I am Linda and along with my husband Richard and our dog Muffin we enjoy our summers on the UK's canal system

Tuesday 4 July 2023

June/July 2023 - A sad farewell to new friends and onwards

Titford Pump House (Old Main Line/Titford Canal) – Friday 30th June

Before we left this morning, I found this anchor.  There is a plaque which says that it was erected in 2000 to commemorate the chain and anchor industry which existed in Tipton Green from the 1859s to the 1940s. 

Neptune Forge, Chain, Anchor, and Engine Works was founded in 1862 by Joseph Wright and Thomas Tinsley, a well known Dudley nail factor.  Neptune Works was a great success, becoming one of the largest chain and anchor works in the country. Its products were sold throughout the UK and abroad, to countries including Germany, Russia, and Turkey, where they were well appreciated. Only the finest iron was used. It came from Bloomfield Iron Works (B.B.H. iron) and from the Earl of Dudley’s ironworks.  The Neptune Works used to be on the site of where we had moored over night.

It didn’t take long until we turned off the Old Main Line and onto the Titford Canal.  The 6 six locks are just as you turn in.  The flight is called The Crow as originally they were adjacent to a chemical works owned by Jim Crow.  The BCN had provided us with lock wheelers again and on two locks, there were two of them!  We went up the flight in super quick time.  

At the top we had to wind above and reverse back to the next mooring place.  We were now on the highest navigable level of the BCN at 511 feet.  Richard had a look down the weed hatch and found this, we think it was a boiler suit in its time.  

At the top lock stands the grade II listed Titford Engine House which was built to pump water back up the six locks of the Crow flight, but later more often used to supply the feeders.  It is now the headquarters of the Birmingham Canal Navigations Society, who have so kindly supplied us with lock wheelers and who organised the Explorer Cruise.

Also at the top lock is the junction with the Tat Bank Branch (or Spon Lane Branch), no longer navigable, which was the original feeder to the Smethwick Summit, and is now a feeder (made by Thomas Telford, 1830) to Edgbaston Reservoir (Rotton Park Reservoir) which itself feeds the Birmingham and Wolverhampton Levels of the BCN.  Yes, you have read that right, the pump house pumps water into the reservoir not the other way around.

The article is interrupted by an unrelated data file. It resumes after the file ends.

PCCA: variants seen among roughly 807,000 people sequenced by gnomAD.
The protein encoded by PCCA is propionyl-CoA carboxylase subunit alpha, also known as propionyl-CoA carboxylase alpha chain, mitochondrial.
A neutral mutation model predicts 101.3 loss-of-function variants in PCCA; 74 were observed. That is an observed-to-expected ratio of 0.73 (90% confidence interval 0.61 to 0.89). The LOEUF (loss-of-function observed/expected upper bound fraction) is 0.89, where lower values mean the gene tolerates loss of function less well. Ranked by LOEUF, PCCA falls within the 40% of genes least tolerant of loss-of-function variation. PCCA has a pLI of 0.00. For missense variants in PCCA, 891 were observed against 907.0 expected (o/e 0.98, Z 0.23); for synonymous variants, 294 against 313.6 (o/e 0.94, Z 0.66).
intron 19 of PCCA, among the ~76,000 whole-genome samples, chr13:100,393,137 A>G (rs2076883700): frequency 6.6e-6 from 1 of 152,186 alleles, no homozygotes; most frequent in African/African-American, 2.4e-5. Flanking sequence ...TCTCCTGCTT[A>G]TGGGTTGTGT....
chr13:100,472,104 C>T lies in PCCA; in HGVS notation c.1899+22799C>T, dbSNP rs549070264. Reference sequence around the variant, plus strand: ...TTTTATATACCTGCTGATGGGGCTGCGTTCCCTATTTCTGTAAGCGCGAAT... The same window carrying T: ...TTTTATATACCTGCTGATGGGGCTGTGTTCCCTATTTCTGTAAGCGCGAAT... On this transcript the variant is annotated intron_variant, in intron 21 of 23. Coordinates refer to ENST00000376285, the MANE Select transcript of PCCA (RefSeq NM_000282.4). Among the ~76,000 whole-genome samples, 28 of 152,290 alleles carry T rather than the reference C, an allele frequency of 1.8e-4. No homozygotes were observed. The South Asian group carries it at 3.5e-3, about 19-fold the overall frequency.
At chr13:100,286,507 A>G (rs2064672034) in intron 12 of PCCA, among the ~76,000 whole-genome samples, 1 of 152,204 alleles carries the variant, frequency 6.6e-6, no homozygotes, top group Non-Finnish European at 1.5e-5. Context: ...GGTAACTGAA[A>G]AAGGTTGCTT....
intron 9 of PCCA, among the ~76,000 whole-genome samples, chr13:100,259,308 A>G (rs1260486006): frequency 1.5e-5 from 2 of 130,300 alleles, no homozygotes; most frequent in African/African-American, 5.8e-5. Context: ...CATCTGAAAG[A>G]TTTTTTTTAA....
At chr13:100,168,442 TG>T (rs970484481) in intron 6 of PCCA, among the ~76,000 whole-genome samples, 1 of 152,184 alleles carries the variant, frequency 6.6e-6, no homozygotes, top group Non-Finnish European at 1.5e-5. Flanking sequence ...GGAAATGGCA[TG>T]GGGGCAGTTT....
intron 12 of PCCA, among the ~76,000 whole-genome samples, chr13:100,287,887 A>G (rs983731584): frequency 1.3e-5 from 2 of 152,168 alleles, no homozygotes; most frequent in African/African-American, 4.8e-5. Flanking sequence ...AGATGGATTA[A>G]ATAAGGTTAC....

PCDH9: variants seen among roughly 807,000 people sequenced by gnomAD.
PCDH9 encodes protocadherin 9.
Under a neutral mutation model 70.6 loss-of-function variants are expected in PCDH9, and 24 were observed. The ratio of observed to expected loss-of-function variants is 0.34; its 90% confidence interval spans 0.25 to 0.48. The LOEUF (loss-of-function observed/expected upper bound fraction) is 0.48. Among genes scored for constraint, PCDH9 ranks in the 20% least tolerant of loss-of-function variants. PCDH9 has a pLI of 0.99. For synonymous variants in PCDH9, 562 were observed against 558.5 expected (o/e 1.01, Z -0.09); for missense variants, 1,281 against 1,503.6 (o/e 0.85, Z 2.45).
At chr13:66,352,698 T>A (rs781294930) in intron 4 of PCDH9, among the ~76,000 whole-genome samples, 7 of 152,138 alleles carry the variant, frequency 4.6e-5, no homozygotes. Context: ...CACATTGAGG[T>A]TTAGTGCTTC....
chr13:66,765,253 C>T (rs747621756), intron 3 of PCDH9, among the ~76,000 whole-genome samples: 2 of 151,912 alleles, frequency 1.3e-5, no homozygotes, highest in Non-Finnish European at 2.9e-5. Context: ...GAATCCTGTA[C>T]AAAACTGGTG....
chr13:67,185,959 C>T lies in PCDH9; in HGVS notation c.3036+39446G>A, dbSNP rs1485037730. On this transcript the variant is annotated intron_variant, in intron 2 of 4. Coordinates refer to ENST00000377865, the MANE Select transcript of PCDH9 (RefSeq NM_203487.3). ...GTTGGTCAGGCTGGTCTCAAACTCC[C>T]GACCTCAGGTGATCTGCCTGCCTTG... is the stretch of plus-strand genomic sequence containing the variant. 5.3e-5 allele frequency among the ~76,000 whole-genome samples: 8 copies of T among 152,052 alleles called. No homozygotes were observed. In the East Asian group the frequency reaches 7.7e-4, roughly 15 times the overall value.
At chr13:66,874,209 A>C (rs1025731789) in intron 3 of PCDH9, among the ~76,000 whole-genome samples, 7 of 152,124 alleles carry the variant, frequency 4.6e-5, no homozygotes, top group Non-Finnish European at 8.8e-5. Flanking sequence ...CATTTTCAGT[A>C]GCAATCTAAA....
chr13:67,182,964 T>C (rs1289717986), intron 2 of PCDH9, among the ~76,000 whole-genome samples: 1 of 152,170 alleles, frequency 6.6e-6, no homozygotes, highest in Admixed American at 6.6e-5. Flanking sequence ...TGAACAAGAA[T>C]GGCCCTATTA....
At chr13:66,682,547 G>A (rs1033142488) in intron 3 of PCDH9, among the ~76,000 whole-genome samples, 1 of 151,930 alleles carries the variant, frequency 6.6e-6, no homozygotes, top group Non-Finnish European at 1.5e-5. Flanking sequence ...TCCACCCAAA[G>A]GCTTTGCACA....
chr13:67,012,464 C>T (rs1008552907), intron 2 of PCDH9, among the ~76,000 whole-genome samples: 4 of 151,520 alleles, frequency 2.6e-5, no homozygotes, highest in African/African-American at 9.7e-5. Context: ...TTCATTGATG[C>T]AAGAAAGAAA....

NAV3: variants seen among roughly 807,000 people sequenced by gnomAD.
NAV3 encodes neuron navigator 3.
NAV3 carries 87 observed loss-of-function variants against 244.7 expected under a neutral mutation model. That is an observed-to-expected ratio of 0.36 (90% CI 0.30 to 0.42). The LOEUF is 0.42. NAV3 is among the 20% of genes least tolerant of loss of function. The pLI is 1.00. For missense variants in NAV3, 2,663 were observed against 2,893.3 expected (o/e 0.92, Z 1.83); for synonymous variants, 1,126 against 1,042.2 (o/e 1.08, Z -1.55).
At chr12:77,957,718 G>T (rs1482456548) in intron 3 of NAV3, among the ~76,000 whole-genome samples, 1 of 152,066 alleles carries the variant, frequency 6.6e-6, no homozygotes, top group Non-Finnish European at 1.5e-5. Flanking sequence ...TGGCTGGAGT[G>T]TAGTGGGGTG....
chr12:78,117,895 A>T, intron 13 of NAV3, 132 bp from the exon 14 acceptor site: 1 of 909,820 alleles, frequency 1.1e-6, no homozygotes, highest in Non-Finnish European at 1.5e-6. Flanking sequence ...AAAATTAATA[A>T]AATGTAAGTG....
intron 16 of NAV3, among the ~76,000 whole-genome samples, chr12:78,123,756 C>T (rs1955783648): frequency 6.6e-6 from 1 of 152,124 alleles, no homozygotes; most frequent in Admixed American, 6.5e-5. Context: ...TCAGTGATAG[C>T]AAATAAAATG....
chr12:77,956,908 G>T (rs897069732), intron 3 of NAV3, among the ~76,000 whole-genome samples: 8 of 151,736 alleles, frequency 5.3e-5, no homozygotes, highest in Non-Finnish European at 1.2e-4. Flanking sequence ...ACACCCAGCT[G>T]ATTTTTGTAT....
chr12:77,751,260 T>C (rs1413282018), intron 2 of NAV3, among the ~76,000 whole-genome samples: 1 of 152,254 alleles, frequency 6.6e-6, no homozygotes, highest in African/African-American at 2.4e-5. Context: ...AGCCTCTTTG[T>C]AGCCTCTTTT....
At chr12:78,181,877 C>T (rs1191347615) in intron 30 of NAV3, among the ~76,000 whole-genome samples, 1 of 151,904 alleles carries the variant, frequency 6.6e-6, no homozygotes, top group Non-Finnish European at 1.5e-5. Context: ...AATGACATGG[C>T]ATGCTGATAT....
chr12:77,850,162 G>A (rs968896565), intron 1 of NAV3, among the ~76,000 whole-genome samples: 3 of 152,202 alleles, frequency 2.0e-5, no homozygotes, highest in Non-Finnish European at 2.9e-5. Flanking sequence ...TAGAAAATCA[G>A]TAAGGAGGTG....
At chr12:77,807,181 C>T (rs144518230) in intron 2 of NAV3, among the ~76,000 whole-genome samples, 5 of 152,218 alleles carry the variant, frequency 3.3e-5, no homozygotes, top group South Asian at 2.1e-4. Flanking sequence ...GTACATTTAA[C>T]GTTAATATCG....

We had a quiet afternoon – we needed it!  It was our last evening with the others and Deb had organised a Chinese to be delivered.  It had been pre-ordered and was a very good meal.  Then was then a quiz which our team won!  I don’t think I have ever won a quiz before!  It was then time to say our goodbyes.  Some I doubt we will see again as they live up north but a couple of down our way and of course, Clarence and Over the Moon are cruising with us for a while.  I felt a bit sad but we will have fun with the others I’m sure 😊

I took this photo as we walked back to the boat. 

The Titford Canal was opened on 4th November 1837 and was built to serve the coal mines of the Titford Valley. Also, from Titford Pool was the Causeway Green Branch which opened in 1858 and abandoned, in parts, in 1954 and September 1960.

4.21 miles
6 locks

Merry Hill (Titford Canal - Tat Bank Branch/Titford Canal - Main Line/Old Main Line/Gower Branch/New Main Line/Netherton Tunnel Branch/Dudley No 2 Canal/Dudley No 1 Canal) – Saturday 1st July

8 different canals in one day!  Crazy!  I have to admit that the Gower Branch is only ½ mile long!  I shall have to add up all the canals we have been on at the end of our summer cruise.

Muffin reckoned it was much too early to get up! 

We wanted to get away early as I was worried that all the other boats would want to go down the locks at the same time.  In the end we left about 8.10am with Clarence in the lead.  Down the locks in double quick time as Diane was lifting the top paddle each time and Richard and I were both opening the bottom paddles. 

Left at the junction onto the Old Main Line until Brades Hall Junction where we turned onto the Gower Branch.  Clarence was filling the lock and very kindly said we could go straight in.  The first two locks are a staircase which worked easily.  However, on our way to the third lock something got wrapped round the prop, which turned out to be a length of wire and plastic bags.